— I’m not there yet, but almost to a point where I hope they lose the rest of their games so they can get a high draft pick and start over with a new QB. I don’t think owner Woody Johnson is going to fire Rex and GM Mike Tannenbaum yet, but man he ought to start thinking about it.

— I am so sick and tired of these unlikable Jets players and their attitude and their woofing. Freaking disgusts me how much a 3-5 team talks shit to the other team.

Other, happier NFL thoughts from Sunday…

— My poor soon-to-be father-in-law nearly had a stroke watching the Giants-Cowboys (I was there with him; I should’ve had a blood-pressure machine hooked up to him, at least). Giants go up 23-0 when Tony Romo did his best Mark Sanchez impression. Then the ‘Boys storm back to go up 24-23, only for th Giants to re-take the lead 29-24.

Followed by the Cowboys scoring on a quasi-Hail Mary with six seconds left… that was overturned by replay and ruled incomplete. What a nuts game, but the Giants always seem to win them.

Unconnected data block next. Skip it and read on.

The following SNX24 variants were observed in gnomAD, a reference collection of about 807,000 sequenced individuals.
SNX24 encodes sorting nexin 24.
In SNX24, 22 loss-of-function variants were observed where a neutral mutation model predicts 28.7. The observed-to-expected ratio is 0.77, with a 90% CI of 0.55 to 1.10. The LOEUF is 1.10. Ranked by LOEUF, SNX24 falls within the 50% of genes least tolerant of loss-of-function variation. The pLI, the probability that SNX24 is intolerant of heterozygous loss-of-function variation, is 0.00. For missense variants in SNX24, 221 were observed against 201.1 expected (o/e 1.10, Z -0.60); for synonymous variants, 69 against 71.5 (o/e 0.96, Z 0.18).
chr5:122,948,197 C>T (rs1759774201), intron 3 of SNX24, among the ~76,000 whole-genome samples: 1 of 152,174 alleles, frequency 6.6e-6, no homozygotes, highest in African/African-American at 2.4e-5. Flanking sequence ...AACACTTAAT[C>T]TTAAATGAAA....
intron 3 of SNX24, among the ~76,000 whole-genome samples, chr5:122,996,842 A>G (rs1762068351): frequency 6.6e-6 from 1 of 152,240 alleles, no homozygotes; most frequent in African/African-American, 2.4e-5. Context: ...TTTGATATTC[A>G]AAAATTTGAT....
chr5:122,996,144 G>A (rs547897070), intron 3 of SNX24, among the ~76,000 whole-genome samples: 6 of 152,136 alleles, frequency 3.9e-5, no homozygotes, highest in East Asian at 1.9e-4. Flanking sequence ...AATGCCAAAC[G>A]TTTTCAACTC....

I know the Saints’ defense stinks, but anyone out there still have doubts about how good Peyton Manning is?
— Crazy finish to that Bears game. Carolina is coming up with new ways to lose every week.
— I think Andy Reid will finally be shown the door in Philly after this year. His team played a dog of a game Sunday (and yes, that’s a reference for you, Mr. Vick).


**Mitt Romney is getting more and more desperate. The election is only a week away, he’s going to lose this race, and so he and his team are just flinging more and more bullshit at the wall in the hopes that somehow, it will stick.